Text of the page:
At our first big overlook spot, we saw the Island in the middle of the canyon below for the first time. Then after a second big overlook, we dipped down into one of the washes that the connecting ridges made. Gently, this small sandy wash led us down into the depths of the color. On the way, we passed a mud wall that contained fossilized roots from ancient plants. It was a nice surprise for all of us. Eventually, we came to a T junction. This was the Amber Cat Canyon wash that we found! Finally at a good place to sit, we had our snack break while we puzzled over a particular yellow flowering plant. The sand in the wash was still wrinkled from a storm that drenched the area not even a week ago. We were the first to place footprints in the complicated designs and textures.
|Old Joshua's Home|
The break was leisurely then we rose to continue. A right turn put us on a path to ascend the gentle wash that led us into small slots, some of which were difficult to walk in due to the narrowness of the floor between the two rock sides.
|Descent Wash Color|
So many colors! But, the amazing thing is that the amber colored sandstone was sooo so amber!
|Amber Cat / Descent Wash Junction|
The first part of the canyon from our snack point junction was like this, small slotty sandstone. Fun to hike and beautiful to see. The slots slowly became a little bigger and they reminded me of the small slots in the Kaolin Wash of Valley of Fire State Park. In fact, the Valley of Fire and this area of Gold Butte are sisters in their creation! The slots opened out but the different textures remained a focal point. We wound and wiggled through the wash until the Island came into view. It looks much bigger from the bottom of the canyon than it did from that first overlook. And, it is very colorful! The Island has a large empty bird's nest on its upper wash corner and is topped by the limestone / dolomite conglomerate that is also found on top of the ridge. Interestingly, the top of the Island is much lower than the ridge elevation. Hmmm.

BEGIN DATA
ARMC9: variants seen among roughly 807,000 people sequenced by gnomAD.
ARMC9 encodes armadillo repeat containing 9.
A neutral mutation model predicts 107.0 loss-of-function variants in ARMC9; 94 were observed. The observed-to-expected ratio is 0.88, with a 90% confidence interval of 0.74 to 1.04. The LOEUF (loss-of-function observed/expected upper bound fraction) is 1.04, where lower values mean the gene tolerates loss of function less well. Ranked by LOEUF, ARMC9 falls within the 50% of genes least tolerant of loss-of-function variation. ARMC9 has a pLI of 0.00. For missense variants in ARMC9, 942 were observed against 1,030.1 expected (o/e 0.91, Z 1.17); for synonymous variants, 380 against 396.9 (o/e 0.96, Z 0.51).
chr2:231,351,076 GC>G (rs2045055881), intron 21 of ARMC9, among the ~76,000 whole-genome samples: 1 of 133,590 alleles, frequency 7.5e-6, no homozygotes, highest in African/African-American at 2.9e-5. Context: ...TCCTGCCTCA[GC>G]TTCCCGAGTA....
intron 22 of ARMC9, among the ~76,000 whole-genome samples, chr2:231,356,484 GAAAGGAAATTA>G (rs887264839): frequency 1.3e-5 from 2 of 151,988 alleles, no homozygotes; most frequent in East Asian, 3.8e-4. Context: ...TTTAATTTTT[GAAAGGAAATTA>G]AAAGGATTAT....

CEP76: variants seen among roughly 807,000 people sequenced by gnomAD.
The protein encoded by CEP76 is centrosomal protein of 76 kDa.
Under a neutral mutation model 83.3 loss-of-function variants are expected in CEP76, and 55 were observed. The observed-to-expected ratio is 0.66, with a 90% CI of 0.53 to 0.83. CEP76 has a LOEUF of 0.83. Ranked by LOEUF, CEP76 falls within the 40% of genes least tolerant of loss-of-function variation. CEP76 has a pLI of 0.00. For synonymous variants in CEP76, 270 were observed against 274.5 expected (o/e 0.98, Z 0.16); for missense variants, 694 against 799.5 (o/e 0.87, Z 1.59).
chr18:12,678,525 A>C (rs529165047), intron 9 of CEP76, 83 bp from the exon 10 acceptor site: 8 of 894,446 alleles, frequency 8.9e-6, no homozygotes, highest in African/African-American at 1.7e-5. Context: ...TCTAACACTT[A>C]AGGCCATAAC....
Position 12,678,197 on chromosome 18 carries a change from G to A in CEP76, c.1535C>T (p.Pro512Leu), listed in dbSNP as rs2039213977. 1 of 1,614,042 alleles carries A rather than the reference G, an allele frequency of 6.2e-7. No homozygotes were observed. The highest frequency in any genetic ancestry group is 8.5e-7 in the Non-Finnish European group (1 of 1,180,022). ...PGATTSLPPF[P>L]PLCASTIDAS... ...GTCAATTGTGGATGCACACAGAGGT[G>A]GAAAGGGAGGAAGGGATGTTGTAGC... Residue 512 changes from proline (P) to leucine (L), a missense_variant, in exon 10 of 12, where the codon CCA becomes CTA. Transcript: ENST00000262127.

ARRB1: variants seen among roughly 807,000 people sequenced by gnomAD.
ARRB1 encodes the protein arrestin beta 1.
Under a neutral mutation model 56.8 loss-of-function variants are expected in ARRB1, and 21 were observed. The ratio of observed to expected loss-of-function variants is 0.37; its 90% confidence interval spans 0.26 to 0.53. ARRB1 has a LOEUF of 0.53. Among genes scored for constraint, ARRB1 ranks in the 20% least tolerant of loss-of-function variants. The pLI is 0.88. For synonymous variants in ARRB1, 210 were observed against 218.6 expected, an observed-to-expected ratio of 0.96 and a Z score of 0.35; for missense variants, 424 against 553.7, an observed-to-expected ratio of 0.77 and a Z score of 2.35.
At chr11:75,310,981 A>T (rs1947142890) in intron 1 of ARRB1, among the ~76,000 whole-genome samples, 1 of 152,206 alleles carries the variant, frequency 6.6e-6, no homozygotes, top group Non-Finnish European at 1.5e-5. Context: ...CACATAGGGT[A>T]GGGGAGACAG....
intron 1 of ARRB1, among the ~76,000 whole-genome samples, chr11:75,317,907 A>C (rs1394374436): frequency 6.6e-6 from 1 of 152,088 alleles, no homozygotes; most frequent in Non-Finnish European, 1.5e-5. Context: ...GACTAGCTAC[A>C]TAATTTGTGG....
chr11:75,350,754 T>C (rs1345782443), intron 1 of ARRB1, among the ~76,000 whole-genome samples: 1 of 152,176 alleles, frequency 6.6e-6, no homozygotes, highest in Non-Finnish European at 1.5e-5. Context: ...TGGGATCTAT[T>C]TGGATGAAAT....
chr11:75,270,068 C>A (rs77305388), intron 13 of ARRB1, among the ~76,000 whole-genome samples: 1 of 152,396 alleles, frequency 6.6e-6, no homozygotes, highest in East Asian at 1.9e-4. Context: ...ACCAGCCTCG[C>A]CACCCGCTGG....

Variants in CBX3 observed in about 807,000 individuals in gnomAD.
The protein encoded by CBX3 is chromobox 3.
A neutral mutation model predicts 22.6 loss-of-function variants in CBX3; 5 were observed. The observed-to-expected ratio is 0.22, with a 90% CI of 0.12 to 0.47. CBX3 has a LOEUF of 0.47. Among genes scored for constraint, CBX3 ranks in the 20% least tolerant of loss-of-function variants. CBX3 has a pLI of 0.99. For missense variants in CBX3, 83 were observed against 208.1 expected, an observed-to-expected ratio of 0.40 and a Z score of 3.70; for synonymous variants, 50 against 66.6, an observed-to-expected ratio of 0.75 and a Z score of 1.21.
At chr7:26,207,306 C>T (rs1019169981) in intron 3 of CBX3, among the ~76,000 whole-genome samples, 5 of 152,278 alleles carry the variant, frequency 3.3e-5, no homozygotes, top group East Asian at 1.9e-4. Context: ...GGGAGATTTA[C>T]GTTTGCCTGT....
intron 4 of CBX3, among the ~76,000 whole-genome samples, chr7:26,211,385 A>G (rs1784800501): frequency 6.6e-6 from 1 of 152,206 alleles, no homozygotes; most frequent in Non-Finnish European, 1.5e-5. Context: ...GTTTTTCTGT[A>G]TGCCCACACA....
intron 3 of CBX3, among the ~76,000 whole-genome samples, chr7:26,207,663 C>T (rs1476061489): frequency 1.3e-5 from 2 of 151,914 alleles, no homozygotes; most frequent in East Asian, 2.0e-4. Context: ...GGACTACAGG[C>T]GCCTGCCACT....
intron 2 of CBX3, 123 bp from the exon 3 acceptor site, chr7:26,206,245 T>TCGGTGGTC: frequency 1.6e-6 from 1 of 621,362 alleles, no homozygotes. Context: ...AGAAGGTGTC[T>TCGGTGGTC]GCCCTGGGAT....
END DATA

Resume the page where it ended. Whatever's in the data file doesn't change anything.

|Starting up Amber Cat Canyon|
It took a while to hike up to the Island and pass it. So many photos had to be taken!
Also in this immediate area, we passed a white and amber rock formation that looked suspiciously like a rabbit ... or a tortoise? ... no, it's a cat! I get it! Amber Cat!
The slots continued in various shapes and forms and depths. We were in no hurry! The next point of interest ... and we still had not passed the Island ... is a humongous white monolithic boulder on the left side of the wash. My husband hates the photo (below) for it being to "garish." Hm. Well, I kind of like it. What do you think? Makes a statement, huh? So, the next few hundred yards was filled with photos of the Island as we made our approach then passed it. Just a few more wash wiggles and we were climbing up the end of the canyon wash onto the saddle above. Here, we gathered for a group photo then found the trail that would take us to the cars.
The trail is very clear here so it is good to walk only on the path so as to not disturb any of the vegetation or crypto nearby.
The trail follows along the ridge where we had hiked in the beginning. Also, along this ridge wall, there were sandstone colors and formations.
One thought: Someday ... someday ... this valley trail will have eroded down to more of the colorful sandstone that lies under the soil. And, probably, will go all the way from Black Butte to Whitney Wash. I would like to be able to see that! It was a great day with the Friends of Gold Butte! I would like to join them for more hikes. It is a great way to learn more about this area's geological and cultured past. ... Not to mention new routes! We love new stuff!
4 miles; 600 feet elevation gain; 4.75 hours
|View back to Island|
|Amber Cat Colors|
|Starting the Trail back to the Trailhead|